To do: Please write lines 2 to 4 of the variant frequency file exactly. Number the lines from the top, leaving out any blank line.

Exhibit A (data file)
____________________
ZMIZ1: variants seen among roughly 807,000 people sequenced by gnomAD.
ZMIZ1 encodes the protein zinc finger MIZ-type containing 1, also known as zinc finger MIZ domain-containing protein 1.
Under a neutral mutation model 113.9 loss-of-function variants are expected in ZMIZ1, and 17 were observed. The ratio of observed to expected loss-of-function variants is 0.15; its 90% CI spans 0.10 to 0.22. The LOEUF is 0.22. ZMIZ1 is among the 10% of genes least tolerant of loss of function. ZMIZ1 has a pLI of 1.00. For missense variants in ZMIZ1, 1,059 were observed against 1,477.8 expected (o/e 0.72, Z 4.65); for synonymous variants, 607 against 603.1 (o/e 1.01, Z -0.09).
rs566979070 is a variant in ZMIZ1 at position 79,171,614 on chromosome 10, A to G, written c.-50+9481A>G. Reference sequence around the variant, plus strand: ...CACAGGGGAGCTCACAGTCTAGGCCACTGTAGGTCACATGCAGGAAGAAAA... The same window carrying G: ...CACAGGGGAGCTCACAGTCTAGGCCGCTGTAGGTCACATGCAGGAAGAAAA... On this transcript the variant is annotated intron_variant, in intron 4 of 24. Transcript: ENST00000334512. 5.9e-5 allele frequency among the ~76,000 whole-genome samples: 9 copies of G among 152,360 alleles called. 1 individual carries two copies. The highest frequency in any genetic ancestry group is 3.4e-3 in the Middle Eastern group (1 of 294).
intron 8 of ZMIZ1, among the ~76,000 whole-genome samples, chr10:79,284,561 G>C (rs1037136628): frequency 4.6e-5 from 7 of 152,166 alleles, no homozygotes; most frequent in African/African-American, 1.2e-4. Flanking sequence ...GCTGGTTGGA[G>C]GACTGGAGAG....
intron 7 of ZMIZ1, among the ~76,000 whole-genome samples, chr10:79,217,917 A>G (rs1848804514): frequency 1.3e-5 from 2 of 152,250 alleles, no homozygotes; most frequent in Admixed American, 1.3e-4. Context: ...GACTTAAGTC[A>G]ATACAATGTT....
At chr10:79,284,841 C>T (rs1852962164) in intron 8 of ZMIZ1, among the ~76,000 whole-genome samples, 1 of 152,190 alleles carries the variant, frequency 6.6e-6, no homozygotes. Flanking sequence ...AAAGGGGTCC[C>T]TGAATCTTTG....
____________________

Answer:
ZMIZ1 encodes the protein zinc finger MIZ-type containing 1, also known as zinc finger MIZ domain-containing protein 1.
Under a neutral mutation model 113.9 loss-of-function variants are expected in ZMIZ1, and 17 were observed. The ratio of observed to expected loss-of-function variants is 0.15; its 90% CI spans 0.10 to 0.22. The LOEUF is 0.22. ZMIZ1 is among the 10% of genes least tolerant of loss of function. ZMIZ1 has a pLI of 1.00. For missense variants in ZMIZ1, 1,059 were observed against 1,477.8 expected (o/e 0.72, Z 4.65); for synonymous variants, 607 against 603.1 (o/e 1.01, Z -0.09).
rs566979070 is a variant in ZMIZ1 at position 79,171,614 on chromosome 10, A to G, written c.-50+9481A>G. Reference sequence around the variant, plus strand: ...CACAGGGGAGCTCACAGTCTAGGCCACTGTAGGTCACATGCAGGAAGAAAA... The same window carrying G: ...CACAGGGGAGCTCACAGTCTAGGCCGCTGTAGGTCACATGCAGGAAGAAAA... On this transcript the variant is annotated intron_variant, in intron 4 of 24. Transcript: ENST00000334512. 5.9e-5 allele frequency among the ~76,000 whole-genome samples: 9 copies of G among 152,360 alleles called. 1 individual carries two copies. The highest frequency in any genetic ancestry group is 3.4e-3 in the Middle Eastern group (1 of 294).